Big red dogs. A mouse saying good night to the room and the moon. Twelve little girls in two straight lines.
The best children’s picture books evoke a sense of play and wonder, surprise and delight. They ask the tough questions (who wet Bear’s pants?) and provide the it’ll-all-be-okay reassurance second only to a loved one’s hug. And despite what many may think, they are notoriously hard to write.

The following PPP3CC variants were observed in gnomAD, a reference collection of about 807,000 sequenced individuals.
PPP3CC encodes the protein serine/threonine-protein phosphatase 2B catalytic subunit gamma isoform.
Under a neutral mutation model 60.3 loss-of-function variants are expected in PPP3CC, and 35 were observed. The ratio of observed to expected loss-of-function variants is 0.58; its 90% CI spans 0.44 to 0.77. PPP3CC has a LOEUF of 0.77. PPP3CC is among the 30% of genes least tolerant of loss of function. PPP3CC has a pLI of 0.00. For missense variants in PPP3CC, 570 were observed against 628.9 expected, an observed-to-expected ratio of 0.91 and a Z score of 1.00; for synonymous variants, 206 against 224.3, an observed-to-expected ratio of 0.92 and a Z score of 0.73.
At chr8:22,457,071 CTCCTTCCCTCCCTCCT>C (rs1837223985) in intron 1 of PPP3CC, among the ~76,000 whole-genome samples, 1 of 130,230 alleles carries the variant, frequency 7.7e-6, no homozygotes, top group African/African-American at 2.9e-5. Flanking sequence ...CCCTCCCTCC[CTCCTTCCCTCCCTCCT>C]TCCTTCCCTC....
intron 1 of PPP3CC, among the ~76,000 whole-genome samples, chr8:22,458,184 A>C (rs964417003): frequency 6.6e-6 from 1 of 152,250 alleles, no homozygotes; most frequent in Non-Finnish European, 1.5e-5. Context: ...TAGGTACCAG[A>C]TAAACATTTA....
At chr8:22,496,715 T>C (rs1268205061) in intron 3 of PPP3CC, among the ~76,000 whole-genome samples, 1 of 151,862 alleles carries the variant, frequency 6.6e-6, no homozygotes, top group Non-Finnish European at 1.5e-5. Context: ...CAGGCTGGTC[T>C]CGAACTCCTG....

In this lunch, we’ll explore modern picture books—the voices, the subtle tensions, the illustrative play, and most importantly, the readability. We’ll explore the fine line between the didactic and the dramatic. And we'll brainstorm ways to remake the classics.
Come on over—It’s story time!
Lisa Bubert is a writer based in Nashville, Tennessee. Her pitched and published work has appeared in Longreads, Texas Monthly, The Rumpus, Business Insider, and more. Her story, “Kitten,” which appeared in Pidgeonholes, was nominated for Best Small Fictions 2020. Her story, “The Coma,” which appeared in the final issue of Natural Bridge Journal, was nominated for a Pushcart Prize.